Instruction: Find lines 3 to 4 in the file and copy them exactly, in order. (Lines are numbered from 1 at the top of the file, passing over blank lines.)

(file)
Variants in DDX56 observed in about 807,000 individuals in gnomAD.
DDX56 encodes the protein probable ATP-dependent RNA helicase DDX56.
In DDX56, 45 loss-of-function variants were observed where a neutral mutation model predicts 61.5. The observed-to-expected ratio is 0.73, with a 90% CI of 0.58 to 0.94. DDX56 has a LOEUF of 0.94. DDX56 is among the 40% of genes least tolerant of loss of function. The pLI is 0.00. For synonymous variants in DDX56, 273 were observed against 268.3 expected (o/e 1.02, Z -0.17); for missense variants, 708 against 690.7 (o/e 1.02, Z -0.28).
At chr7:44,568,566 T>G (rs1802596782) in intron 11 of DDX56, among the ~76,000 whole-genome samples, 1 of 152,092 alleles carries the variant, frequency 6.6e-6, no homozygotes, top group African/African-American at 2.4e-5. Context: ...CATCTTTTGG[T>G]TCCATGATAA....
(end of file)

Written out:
In DDX56, 45 loss-of-function variants were observed where a neutral mutation model predicts 61.5. The observed-to-expected ratio is 0.73, with a 90% CI of 0.58 to 0.94. DDX56 has a LOEUF of 0.94. DDX56 is among the 40% of genes least tolerant of loss of function. The pLI is 0.00. For synonymous variants in DDX56, 273 were observed against 268.3 expected (o/e 1.02, Z -0.17); for missense variants, 708 against 690.7 (o/e 1.02, Z -0.28).
At chr7:44,568,566 T>G (rs1802596782) in intron 11 of DDX56, among the ~76,000 whole-genome samples, 1 of 152,092 alleles carries the variant, frequency 6.6e-6, no homozygotes, top group African/African-American at 2.4e-5. Context: ...CATCTTTTGG[T>G]TCCATGATAA....